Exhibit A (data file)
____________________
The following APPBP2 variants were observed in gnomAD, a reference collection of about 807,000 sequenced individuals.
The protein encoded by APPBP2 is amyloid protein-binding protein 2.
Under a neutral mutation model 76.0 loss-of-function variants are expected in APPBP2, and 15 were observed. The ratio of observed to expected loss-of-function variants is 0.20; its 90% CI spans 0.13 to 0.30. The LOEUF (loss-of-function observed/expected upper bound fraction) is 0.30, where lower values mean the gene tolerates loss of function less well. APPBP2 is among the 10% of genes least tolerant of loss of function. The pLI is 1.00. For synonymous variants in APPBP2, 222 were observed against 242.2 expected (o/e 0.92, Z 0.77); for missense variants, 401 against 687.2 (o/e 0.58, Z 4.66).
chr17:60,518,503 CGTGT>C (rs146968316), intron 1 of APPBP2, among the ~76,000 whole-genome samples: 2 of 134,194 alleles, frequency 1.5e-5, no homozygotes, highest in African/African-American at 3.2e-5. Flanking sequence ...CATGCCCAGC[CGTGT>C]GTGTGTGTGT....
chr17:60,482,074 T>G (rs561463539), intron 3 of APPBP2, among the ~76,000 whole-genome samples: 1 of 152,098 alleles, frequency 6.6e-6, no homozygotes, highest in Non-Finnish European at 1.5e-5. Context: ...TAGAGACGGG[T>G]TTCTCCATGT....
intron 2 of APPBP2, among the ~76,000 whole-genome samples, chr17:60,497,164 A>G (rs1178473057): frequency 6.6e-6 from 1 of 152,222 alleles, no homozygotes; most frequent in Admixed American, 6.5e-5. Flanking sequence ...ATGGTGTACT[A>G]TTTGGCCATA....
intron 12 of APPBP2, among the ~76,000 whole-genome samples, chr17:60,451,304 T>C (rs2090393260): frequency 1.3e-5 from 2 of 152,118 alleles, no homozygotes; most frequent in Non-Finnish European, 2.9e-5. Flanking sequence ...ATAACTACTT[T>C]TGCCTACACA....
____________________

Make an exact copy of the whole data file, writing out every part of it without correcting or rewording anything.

The following APPBP2 variants were observed in gnomAD, a reference collection of about 807,000 sequenced individuals.
The protein encoded by APPBP2 is amyloid protein-binding protein 2.
Under a neutral mutation model 76.0 loss-of-function variants are expected in APPBP2, and 15 were observed. The ratio of observed to expected loss-of-function variants is 0.20; its 90% CI spans 0.13 to 0.30. The LOEUF (loss-of-function observed/expected upper bound fraction) is 0.30, where lower values mean the gene tolerates loss of function less well. APPBP2 is among the 10% of genes least tolerant of loss of function. The pLI is 1.00. For synonymous variants in APPBP2, 222 were observed against 242.2 expected (o/e 0.92, Z 0.77); for missense variants, 401 against 687.2 (o/e 0.58, Z 4.66).
chr17:60,518,503 CGTGT>C (rs146968316), intron 1 of APPBP2, among the ~76,000 whole-genome samples: 2 of 134,194 alleles, frequency 1.5e-5, no homozygotes, highest in African/African-American at 3.2e-5. Flanking sequence ...CATGCCCAGC[CGTGT>C]GTGTGTGTGT....
chr17:60,482,074 T>G (rs561463539), intron 3 of APPBP2, among the ~76,000 whole-genome samples: 1 of 152,098 alleles, frequency 6.6e-6, no homozygotes, highest in Non-Finnish European at 1.5e-5. Context: ...TAGAGACGGG[T>G]TTCTCCATGT....
intron 2 of APPBP2, among the ~76,000 whole-genome samples, chr17:60,497,164 A>G (rs1178473057): frequency 6.6e-6 from 1 of 152,222 alleles, no homozygotes; most frequent in Admixed American, 6.5e-5. Flanking sequence ...ATGGTGTACT[A>G]TTTGGCCATA....
intron 12 of APPBP2, among the ~76,000 whole-genome samples, chr17:60,451,304 T>C (rs2090393260): frequency 1.3e-5 from 2 of 152,118 alleles, no homozygotes; most frequent in Non-Finnish European, 2.9e-5. Flanking sequence ...ATAACTACTT[T>C]TGCCTACACA....